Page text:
Monday, February 18, 2013

IT’S THE END OF THE WORLD AND WE KNOW IT


BUT I FEEL FINE, ST. MALACHY

Temecula, CA – Four asteroids streaking down upon the planet in as many days; a shiny ‘door handle’ found on Mars by Curiosity; North Korea’s sat launch, nuclear test and ‘We Nuke You’ dream video; two alien anomalies seen siphoning energy from our sun just two months apart [end of last year]; drone strikes; the Mayan thing; and the Pope saying “I Quit”. Even the staid MSNBC had to release a story, a tongue-in-cheek story albeit, about the Ooooo end time Prophecy of the Popes. Brought to you after the jump from Alan Boyle, NBC science news editor, is the story of St. Malachy. Remember also that they were unaware when the flood waters came and carried them all away.

‘Just when you thought it was safe to go out of the bunker, there's a fresh wave of doomsday buzz over a purported 12th-century prophecy suggesting that the next pope will be the last pope before the end of the world.
St. Malachy's "Prophecy of the Popes" has no credence in the Roman Catholic Church, but its effect could well be longer-lasting than the hype that surrounded the 2012 Maya apocalypse — especially if the papal conclave goes with one of the favored candidates for Benedict XVI's successor.

The text that's been attributed to (St.) Malachy came to light in 1595, in a book by Benedictine monk Arnold de Wyon. Supposedly, Malachy experienced a vision of future popes during a trip to Rome in 1139, and wrote down a series of 112 cryptic phrases that described each pope in turn. The text was said to have lain unnoticed in Rome's archives until Wyon found and published it.

Doomsday fans (and others) have found ways to link each phrase to its corresponding pope through the centuries. That includes John Paul II, who is associated with phrase No. 110, "From the labor of the sun," because he was born on the day of a solar eclipse and was entombed on the day of a solar eclipse as well. Benedict XVI, No. 111, is supposedly "glory of the olive" because some members of a branch of the monastic order founded by St. Benedict are known as Olivetans.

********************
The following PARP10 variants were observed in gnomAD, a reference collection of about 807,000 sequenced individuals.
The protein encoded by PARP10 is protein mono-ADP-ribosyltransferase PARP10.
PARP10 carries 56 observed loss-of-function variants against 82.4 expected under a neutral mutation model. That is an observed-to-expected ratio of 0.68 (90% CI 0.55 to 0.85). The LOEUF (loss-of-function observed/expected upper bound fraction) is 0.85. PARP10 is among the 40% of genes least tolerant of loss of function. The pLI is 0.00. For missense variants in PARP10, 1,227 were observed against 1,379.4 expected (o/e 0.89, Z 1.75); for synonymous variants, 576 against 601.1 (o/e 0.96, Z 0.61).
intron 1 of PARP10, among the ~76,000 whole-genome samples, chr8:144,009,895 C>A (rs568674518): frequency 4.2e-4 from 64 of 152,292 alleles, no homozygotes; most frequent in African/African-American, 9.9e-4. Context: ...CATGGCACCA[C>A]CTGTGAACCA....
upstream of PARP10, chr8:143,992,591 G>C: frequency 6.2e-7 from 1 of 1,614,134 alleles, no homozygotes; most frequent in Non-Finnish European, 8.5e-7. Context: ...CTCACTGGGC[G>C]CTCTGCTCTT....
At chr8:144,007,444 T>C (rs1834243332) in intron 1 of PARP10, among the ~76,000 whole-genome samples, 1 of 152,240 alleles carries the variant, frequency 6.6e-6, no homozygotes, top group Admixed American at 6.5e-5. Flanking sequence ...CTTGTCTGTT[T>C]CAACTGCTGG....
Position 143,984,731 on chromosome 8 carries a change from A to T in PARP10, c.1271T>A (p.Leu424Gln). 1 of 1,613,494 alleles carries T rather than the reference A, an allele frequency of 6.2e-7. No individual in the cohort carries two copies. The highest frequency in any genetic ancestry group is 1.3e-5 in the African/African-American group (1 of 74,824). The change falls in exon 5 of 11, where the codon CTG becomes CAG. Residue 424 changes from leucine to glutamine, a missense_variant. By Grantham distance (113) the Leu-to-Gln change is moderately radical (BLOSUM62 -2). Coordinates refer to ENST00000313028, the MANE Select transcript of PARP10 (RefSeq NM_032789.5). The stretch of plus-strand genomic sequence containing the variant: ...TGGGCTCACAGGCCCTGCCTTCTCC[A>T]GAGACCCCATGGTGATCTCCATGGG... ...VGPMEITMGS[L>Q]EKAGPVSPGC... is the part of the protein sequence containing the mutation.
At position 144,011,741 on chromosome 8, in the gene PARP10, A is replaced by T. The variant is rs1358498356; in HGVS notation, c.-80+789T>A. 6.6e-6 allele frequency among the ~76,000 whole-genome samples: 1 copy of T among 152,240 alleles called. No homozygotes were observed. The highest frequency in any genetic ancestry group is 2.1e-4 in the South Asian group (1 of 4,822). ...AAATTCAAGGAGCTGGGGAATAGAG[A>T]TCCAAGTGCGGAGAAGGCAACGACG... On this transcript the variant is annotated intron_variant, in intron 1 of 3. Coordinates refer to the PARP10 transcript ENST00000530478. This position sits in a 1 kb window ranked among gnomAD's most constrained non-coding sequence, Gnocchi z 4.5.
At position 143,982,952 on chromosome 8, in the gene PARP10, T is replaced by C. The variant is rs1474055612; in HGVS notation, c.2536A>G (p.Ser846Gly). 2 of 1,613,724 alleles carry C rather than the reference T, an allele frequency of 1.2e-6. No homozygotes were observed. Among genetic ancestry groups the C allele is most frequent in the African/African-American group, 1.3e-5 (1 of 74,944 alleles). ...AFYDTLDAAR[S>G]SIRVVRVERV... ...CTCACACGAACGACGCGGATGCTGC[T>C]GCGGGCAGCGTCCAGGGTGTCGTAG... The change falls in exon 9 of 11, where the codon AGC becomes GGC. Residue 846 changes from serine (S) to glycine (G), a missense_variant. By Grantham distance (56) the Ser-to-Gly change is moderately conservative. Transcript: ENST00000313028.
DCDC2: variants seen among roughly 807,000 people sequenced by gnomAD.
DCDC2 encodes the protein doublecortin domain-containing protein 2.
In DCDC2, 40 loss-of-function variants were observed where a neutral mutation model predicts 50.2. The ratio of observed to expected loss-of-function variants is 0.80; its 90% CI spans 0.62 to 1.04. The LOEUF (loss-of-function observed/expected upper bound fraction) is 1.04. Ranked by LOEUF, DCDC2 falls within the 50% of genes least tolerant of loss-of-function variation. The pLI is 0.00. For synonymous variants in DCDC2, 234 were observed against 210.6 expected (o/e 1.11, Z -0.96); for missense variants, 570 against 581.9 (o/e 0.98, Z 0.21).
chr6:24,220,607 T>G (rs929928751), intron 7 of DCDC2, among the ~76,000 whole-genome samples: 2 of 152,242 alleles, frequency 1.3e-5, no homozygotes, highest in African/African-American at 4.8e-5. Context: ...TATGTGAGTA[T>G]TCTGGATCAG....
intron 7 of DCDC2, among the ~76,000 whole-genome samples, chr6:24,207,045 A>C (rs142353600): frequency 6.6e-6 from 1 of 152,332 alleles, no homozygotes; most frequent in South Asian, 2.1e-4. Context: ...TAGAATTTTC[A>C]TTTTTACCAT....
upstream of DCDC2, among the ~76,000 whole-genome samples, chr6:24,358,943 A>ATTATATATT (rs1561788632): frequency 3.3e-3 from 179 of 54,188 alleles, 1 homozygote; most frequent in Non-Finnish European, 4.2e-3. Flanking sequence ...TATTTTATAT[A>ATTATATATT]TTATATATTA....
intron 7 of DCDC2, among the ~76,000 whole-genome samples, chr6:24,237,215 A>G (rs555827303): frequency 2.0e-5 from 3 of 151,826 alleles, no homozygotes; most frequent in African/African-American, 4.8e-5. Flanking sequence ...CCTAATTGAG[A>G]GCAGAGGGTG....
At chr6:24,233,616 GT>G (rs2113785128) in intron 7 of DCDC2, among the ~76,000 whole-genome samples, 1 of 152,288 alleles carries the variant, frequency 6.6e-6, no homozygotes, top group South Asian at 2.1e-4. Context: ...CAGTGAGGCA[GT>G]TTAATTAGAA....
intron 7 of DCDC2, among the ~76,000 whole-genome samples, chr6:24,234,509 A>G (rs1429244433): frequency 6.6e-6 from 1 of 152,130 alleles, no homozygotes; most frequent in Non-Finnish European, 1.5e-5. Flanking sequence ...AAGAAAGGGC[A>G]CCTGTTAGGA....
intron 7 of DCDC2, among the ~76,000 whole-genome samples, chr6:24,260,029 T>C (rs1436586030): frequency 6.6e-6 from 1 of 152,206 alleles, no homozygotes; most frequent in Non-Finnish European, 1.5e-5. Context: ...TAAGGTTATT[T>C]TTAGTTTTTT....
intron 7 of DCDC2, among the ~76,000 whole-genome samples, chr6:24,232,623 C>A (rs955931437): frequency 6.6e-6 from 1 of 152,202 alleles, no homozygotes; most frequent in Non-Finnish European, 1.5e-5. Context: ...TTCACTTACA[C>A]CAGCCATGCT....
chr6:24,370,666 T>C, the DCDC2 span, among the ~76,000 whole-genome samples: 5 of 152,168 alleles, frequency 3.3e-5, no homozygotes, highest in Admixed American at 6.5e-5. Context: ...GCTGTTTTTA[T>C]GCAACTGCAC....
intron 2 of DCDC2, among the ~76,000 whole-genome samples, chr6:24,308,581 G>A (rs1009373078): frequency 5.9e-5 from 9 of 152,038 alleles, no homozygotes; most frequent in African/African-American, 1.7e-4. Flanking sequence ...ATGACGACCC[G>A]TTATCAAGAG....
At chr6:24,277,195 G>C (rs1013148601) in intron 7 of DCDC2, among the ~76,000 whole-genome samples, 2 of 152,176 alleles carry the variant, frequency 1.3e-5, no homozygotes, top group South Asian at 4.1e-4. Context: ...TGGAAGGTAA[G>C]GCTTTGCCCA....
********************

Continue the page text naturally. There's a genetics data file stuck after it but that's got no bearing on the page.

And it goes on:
Then there's No. 112, the last Pope: "In the extreme persecution of the Holy Roman Church, there will sit ... Peter the Roman, who will nourish the sheep in many tribulations; when they are finished, the city of seven hills will be destroyed, and the dreadful judge will judge his people. The end."

The end? This could be the beginning for a doomsday meme that hangs over a whole generation, if it's taken seriously. There's already a 586-page book about the coming apocalypse, titled "Petrus Romanus." One theologian, Michael K. Lake, is quoted as saying that "Catholic and evangelical scholars have dreaded this moment for centuries."

In fact, the Catholic Church doesn't put any stock in the prophecies, for a variety of reasons. One of the biggest red flags is that no mention was made about the papal prophecies until the 1590s — not even by St. Bernard of Clairvaux, a close friend of Malachy's who wrote his biography and hailed his gift of prophecy. And then there's always the biblical dictum that no one knows the day or the hour for doomsday — a rule of thumb that works for believers as well as non-believers.'

[However, the saint does not give an hour or day prediction unlike contemporary false prophets. The saint merely predicts the time period. Here is the more detailed back story: